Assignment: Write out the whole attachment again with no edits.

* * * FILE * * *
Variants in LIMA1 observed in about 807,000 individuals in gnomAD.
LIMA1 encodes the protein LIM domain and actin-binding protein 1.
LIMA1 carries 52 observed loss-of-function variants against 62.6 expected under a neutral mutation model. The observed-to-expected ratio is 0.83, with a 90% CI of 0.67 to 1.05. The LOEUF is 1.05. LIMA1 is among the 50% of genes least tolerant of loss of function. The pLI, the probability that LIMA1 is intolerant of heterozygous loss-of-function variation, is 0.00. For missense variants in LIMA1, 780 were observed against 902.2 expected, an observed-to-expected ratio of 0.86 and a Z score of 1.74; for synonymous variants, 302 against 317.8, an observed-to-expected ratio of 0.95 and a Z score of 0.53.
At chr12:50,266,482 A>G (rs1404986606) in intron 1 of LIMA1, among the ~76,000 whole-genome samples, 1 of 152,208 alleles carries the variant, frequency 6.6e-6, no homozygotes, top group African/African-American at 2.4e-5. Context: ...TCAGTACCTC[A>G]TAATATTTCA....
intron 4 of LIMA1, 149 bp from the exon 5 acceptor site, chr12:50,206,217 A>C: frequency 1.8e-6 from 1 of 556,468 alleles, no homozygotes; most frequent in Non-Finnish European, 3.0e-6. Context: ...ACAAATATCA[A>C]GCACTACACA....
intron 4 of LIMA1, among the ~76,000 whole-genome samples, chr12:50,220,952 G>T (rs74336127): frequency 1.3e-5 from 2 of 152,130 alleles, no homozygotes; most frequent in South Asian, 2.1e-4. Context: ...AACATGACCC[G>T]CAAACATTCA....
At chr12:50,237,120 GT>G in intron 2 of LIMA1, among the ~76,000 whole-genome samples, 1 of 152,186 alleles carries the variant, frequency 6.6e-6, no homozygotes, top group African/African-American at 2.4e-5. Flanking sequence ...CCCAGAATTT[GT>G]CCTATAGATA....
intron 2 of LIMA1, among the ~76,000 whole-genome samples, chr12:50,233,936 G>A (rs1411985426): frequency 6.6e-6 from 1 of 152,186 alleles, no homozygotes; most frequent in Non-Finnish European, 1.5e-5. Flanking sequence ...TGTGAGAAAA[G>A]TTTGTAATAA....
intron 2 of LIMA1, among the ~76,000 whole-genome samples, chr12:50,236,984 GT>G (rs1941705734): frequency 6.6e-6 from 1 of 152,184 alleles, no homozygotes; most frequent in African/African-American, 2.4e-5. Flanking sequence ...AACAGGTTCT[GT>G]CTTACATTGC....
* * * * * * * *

Variants in LIMA1 observed in about 807,000 individuals in gnomAD.
LIMA1 encodes the protein LIM domain and actin-binding protein 1.
LIMA1 carries 52 observed loss-of-function variants against 62.6 expected under a neutral mutation model. The observed-to-expected ratio is 0.83, with a 90% CI of 0.67 to 1.05. The LOEUF is 1.05. LIMA1 is among the 50% of genes least tolerant of loss of function. The pLI, the probability that LIMA1 is intolerant of heterozygous loss-of-function variation, is 0.00. For missense variants in LIMA1, 780 were observed against 902.2 expected, an observed-to-expected ratio of 0.86 and a Z score of 1.74; for synonymous variants, 302 against 317.8, an observed-to-expected ratio of 0.95 and a Z score of 0.53.
At chr12:50,266,482 A>G (rs1404986606) in intron 1 of LIMA1, among the ~76,000 whole-genome samples, 1 of 152,208 alleles carries the variant, frequency 6.6e-6, no homozygotes, top group African/African-American at 2.4e-5. Context: ...TCAGTACCTC[A>G]TAATATTTCA....
intron 4 of LIMA1, 149 bp from the exon 5 acceptor site, chr12:50,206,217 A>C: frequency 1.8e-6 from 1 of 556,468 alleles, no homozygotes; most frequent in Non-Finnish European, 3.0e-6. Context: ...ACAAATATCA[A>C]GCACTACACA....
intron 4 of LIMA1, among the ~76,000 whole-genome samples, chr12:50,220,952 G>T (rs74336127): frequency 1.3e-5 from 2 of 152,130 alleles, no homozygotes; most frequent in South Asian, 2.1e-4. Context: ...AACATGACCC[G>T]CAAACATTCA....
At chr12:50,237,120 GT>G in intron 2 of LIMA1, among the ~76,000 whole-genome samples, 1 of 152,186 alleles carries the variant, frequency 6.6e-6, no homozygotes, top group African/African-American at 2.4e-5. Flanking sequence ...CCCAGAATTT[GT>G]CCTATAGATA....
intron 2 of LIMA1, among the ~76,000 whole-genome samples, chr12:50,233,936 G>A (rs1411985426): frequency 6.6e-6 from 1 of 152,186 alleles, no homozygotes; most frequent in Non-Finnish European, 1.5e-5. Flanking sequence ...TGTGAGAAAA[G>A]TTTGTAATAA....
intron 2 of LIMA1, among the ~76,000 whole-genome samples, chr12:50,236,984 GT>G (rs1941705734): frequency 6.6e-6 from 1 of 152,184 alleles, no homozygotes; most frequent in African/African-American, 2.4e-5. Flanking sequence ...AACAGGTTCT[GT>G]CTTACATTGC....